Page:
The green card process, contingent upon one's I-485 application and appropriate filing, is arguably the most stressful process when it comes to changing one's immigrant status and perhaps trying to remain in the United States. This process involves long wait times, a Biometrics appointment, the ability to stay clean and away from drugs and alcohol for long periods of time, and a display of being a “model” immigrant during the green card interview.
The green card interview can happen several months after initially filing one's I-485 application, and can catch many individuals or even couples off-guard. The interview, after waiting for months, does not last for more than an hour and is grounds for the USCIS to either move forward with your case processing or find reasons to deny the applicant a green card. The process, moreover, is supposed to be straightforward but can involve tricks, or what seems like plain questions from the officers, that often have hidden meanings that may be hard to detect from the immigrant side of things.
As such, many immigrants who are looking to adjust their status have a legitimate case, but can have a bad green card interview and can be subject to even longer wait times and pending cases for more official review.
In order to avoid these complications, applicants need to be aware of the most common problems that one can be faced with in a green card interview, and how to move forward smoothly and confidently, so as to persuade an immigration officer to deny your case or cause more painful wait times.
1. Visa Misunderstandings
Non-Immigrant visas are for the intention of returning to your home country after your visa expires. For example, J-1 Student Visas are temporary in nature, and usually expire after a two year period. In such a visa application, the signatory is technically admitting to return to their country after the visa period has expired, as the individual can no longer reside in the United States. Applicants need to be careful in their green card interview because they should not say that it was their original intent to remain in the U.S. as they have already consented to not doing this if they were a non-immigrant visa holder.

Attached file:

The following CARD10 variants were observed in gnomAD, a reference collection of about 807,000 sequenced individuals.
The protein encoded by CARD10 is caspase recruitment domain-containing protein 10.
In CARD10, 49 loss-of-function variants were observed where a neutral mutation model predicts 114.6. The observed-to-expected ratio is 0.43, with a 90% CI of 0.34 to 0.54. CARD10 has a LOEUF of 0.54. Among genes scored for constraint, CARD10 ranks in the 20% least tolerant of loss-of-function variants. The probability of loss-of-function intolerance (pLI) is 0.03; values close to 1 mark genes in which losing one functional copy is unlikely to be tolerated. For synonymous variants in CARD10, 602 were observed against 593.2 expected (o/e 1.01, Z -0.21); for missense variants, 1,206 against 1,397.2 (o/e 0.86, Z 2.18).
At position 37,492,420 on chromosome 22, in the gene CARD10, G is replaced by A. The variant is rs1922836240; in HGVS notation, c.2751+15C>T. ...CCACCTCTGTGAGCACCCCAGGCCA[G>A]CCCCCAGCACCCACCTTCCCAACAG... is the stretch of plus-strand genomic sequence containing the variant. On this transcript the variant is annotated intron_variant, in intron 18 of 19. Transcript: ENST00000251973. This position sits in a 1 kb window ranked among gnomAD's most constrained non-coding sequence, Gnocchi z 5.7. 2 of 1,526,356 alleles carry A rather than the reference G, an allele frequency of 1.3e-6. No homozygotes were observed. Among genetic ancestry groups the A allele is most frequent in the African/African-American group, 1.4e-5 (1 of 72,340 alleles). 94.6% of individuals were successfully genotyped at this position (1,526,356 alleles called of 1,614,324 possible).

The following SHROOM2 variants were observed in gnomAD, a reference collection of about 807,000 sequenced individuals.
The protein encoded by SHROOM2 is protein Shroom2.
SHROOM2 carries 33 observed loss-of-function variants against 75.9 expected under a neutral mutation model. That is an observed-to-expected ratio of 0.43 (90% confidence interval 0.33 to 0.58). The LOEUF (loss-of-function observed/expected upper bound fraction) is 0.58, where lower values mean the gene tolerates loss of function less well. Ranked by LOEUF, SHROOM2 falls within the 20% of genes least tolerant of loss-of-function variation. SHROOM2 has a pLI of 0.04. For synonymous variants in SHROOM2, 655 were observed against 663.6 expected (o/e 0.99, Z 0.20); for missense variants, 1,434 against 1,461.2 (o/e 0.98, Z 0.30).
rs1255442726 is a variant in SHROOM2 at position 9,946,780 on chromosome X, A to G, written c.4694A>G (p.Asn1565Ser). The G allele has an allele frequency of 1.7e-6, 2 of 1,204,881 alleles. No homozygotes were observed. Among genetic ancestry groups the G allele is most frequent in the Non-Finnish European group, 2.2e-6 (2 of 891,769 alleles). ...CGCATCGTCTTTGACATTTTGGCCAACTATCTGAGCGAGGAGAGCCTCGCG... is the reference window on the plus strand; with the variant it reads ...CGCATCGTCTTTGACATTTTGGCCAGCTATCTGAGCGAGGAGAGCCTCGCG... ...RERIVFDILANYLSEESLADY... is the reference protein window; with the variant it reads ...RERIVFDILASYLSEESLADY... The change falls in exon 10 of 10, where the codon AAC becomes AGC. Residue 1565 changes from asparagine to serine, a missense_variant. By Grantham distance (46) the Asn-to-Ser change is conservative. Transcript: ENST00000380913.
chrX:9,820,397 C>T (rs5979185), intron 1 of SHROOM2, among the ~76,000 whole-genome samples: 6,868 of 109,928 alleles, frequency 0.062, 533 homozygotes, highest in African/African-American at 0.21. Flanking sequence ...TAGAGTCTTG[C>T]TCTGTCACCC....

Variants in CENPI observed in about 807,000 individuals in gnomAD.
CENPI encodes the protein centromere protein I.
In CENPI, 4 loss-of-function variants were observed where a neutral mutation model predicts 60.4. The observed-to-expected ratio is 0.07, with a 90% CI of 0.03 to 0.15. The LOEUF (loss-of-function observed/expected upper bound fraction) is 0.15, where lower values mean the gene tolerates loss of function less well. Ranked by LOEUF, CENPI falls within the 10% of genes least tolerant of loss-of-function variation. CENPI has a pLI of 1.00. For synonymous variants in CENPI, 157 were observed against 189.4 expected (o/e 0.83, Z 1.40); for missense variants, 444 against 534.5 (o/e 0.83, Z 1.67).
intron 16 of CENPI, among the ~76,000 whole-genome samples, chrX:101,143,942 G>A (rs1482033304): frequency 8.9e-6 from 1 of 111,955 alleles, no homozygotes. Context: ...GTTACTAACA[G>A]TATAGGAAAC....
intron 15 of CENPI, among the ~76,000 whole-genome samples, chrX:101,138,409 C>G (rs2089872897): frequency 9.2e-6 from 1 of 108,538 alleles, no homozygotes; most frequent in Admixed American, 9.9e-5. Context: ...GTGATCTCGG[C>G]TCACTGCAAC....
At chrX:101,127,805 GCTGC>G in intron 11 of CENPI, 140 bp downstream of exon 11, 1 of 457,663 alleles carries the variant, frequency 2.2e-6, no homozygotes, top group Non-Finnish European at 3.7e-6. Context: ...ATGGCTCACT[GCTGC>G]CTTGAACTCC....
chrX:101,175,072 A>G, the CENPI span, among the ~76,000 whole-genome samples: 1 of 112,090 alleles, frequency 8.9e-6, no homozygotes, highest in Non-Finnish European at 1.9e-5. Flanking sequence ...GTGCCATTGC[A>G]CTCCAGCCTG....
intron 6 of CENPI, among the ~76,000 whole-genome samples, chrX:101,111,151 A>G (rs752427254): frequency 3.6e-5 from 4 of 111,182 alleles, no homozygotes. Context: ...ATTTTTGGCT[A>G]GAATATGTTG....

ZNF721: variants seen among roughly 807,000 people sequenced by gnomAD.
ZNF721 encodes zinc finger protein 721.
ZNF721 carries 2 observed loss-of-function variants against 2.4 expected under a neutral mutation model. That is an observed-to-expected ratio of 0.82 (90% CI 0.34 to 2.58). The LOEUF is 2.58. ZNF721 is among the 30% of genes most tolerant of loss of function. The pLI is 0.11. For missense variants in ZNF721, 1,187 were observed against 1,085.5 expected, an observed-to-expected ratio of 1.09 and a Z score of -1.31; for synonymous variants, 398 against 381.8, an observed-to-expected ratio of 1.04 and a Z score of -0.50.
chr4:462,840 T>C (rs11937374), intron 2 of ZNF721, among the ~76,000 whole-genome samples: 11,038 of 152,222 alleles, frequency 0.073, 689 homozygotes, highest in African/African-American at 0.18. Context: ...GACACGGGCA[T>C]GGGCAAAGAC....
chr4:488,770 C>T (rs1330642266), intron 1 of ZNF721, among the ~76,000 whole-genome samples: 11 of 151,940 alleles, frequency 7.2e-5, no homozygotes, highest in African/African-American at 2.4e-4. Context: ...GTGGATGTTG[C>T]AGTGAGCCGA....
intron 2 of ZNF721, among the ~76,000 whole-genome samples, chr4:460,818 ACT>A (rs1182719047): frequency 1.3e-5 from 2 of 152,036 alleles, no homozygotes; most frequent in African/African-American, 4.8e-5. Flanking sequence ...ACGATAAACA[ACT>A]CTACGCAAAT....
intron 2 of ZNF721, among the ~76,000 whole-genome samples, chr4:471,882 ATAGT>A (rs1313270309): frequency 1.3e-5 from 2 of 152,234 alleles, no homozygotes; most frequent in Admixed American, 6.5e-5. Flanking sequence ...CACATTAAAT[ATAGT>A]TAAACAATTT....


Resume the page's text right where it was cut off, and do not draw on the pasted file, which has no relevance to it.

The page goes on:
While it may not seem like a big deal, immigration officers consider obtaining a visa on false premises a type of fraud, so be careful in how you approach visa questions and always bring to mind the original parameters that were established when you first arrived in the United States.
2. Bringing the Right Documents
The next issue revolves around a less conceptual, and more simple error when it comes to being organized for the meeting. Because an applicant only has one green card interview, it’s a good idea to bring all of the relevant material in-person to the interview. This includes a recent change of job, which also may result in a recent change in financial situation. For example, bringing pay stubs to a green card interview is highly recommended. You’ll need to also show the interviewing officer that there is a change in your I-485 application, at the time you submitted, from the present, when you present new documentation. A failure to bring such documentation means there is any inconsistency between your application and the actual present case, in which case a “pending” order for more evidence is likely, which will result in longer wait times.
3. Not Bringing a Translator
It should be known that many green card applicants are not native English speakers, and this is perfectly okay. However, applicants with some trouble or difficulty having conversations should seek the counsel of a translator and worry about the costs of doing so later. Having a translator is key to making sure the interview runs smoothly, otherwise, the interviewing officer cannot do their job appropriately and an application may enter the “pending” stage for many months.